It should be noted that the heater wire may be of any electrically conductive material, it may also be any electrically conductive trace material forming a path from one terminal to the other. In this case, the width of the trace, i.e. the dimension in the plane of the surfaces, will conform to the parameters noted above.

In a particular embodiment, the heated barcode reader window 40 is assembled by laying out the heater wire 44 in the desired pattern onto a Pressure-Sensitive Adhesive (PSA) lined optically clear polyester sheet. The polyester sheet is of the same dimensions as the light transmitting panels 42 and 43, and the heater wire 44 is laid out on it so that its extremities protrude from the perimeter of the sheet. Preferably, the run of the heater wire 44 is transverse to the orientation of the bars of the barcode 10 and is of serpentine pattern with the reversals at the marginal portions of the barcode reader window 40. The extremities of the heater wire 44 terminate into contacts 46 and 47, such as, for example, gold plated contacts with 30 awg wire, which serve to connect the heater wire 44 to a power source and a control circuit. The polyester sheet is then applied onto one of the light transmitting panel's 42 surface. Following that, a PSA material is applied onto the polyester sheet. Finally, the remaining light transmitting panel 43 is placed on top of the partial assembly such that the heater wire 44 and polyester sheet are sandwiched between both light transmitting panels 42 and 43. To complete the assembly process, the light transmitting panels 42 and 43 are compressed together at a pressure higher than the PSA's compression setting. All of this process is preferably done under vacuum in order to reduce adhesive distortion in the barcode reader window 40 caused by air entrapment. It is important to note that the surfaces 48, 49 of the light transmitting panels 42 and 43 need to be parallel to each other to ensure proper reflection and refraction angles. In an alternate embodiment, the heater wire 44 may be embedded within a light transmitting panel and/or may be laid out in other configurations such as, for example, circular or sinusoidal patterns.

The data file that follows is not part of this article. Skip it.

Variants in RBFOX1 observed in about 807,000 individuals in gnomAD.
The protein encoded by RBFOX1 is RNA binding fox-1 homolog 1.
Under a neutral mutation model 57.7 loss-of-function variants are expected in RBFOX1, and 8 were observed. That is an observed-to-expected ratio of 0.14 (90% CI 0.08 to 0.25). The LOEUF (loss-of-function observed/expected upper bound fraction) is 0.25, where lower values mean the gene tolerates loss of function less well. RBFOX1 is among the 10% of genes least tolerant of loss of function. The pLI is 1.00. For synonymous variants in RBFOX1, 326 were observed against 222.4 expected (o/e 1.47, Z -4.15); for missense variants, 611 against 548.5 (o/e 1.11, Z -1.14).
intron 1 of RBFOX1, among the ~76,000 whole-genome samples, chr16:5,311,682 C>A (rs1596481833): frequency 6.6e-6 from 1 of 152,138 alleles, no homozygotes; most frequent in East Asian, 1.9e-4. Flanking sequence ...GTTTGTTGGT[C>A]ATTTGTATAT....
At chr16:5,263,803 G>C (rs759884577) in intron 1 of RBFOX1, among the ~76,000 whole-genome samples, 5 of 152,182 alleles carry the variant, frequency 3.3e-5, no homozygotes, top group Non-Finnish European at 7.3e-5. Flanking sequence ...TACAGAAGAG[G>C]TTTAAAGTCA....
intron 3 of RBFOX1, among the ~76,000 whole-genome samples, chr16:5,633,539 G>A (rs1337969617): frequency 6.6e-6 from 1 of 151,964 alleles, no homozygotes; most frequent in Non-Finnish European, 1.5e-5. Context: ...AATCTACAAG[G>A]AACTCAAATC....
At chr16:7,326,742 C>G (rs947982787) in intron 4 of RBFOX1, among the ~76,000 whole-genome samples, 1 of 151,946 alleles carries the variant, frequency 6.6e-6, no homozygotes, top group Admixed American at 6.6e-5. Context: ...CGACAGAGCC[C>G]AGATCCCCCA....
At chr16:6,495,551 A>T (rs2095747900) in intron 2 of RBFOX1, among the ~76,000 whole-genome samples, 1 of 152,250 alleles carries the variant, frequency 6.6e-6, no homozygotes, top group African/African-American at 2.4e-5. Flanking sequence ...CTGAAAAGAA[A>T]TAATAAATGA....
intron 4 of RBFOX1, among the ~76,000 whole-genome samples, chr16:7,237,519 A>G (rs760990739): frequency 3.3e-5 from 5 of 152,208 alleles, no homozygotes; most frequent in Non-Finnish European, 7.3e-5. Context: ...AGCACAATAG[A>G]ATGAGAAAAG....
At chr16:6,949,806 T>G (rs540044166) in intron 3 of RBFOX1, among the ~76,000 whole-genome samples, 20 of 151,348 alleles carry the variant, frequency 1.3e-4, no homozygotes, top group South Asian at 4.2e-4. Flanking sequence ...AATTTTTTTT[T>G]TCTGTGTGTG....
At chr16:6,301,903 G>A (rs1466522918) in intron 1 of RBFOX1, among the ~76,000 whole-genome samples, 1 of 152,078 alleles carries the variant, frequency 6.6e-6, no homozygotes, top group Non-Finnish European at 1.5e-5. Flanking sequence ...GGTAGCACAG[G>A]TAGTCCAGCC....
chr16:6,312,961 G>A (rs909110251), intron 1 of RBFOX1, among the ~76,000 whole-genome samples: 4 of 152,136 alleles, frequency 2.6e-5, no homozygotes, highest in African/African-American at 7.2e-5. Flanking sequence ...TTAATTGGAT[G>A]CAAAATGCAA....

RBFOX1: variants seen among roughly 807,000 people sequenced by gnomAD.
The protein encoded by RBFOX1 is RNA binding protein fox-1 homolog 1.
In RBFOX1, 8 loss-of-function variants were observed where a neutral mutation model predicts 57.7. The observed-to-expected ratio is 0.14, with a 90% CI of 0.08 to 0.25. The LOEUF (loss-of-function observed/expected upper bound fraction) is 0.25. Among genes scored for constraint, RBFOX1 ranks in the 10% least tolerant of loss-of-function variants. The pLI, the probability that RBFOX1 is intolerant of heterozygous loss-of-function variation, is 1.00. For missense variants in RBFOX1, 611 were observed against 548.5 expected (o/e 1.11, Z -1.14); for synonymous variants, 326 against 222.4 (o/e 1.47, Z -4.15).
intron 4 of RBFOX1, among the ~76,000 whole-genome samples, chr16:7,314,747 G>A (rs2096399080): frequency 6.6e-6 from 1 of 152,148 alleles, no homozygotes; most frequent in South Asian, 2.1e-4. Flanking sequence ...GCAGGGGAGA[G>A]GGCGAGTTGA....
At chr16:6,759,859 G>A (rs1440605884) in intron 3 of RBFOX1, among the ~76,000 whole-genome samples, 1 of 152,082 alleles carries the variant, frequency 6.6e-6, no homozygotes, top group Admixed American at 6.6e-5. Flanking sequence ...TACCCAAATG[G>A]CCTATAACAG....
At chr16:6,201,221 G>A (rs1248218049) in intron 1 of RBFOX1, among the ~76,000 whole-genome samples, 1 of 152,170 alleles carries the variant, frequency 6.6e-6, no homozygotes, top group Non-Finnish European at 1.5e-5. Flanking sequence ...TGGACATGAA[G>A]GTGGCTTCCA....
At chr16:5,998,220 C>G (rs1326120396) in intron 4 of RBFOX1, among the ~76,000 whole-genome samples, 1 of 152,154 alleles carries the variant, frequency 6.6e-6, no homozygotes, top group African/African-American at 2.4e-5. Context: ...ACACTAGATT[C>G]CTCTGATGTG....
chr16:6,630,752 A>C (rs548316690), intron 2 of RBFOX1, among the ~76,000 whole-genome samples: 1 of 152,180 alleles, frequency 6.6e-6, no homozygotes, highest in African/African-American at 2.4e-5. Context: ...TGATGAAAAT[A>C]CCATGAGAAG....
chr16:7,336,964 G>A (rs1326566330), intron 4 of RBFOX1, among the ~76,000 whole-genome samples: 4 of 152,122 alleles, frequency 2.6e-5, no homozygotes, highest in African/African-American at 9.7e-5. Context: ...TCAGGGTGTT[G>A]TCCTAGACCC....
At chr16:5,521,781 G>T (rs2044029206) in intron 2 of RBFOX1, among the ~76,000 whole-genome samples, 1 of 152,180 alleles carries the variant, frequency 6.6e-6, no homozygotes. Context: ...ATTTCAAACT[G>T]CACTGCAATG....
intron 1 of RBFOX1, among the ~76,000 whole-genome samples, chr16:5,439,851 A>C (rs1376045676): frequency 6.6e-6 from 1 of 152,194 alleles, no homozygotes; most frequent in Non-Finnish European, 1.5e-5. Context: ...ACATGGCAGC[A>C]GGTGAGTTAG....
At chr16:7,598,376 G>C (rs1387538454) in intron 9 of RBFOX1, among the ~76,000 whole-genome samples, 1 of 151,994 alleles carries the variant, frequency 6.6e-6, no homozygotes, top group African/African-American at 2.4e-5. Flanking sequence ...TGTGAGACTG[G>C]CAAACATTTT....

After mounting the window assembly 40 in the housing 32, the contacts 46, 47 are connected to the power source 35 through a suitable switching device 34 to control the power to the heater wire 44. The heater wire 44 of the window assembly 40 may be activated manually by the user through a switch 34 accessible to the user to remove any condensation that may have built up. Preferably however the heater wire 44 is connected, using contacts 46 and 47, to a thermostat 36 such as, for example, the LM56 Dual Output Low Power Thermostat by National Semiconductor, for keeping the barcode reader window 40 above a minimum temperature, preferably above the dew point. The thermostat 36 is mounted within the housing 32 preferably on an exterior surface so that it is responsive to external temperature fluctuations.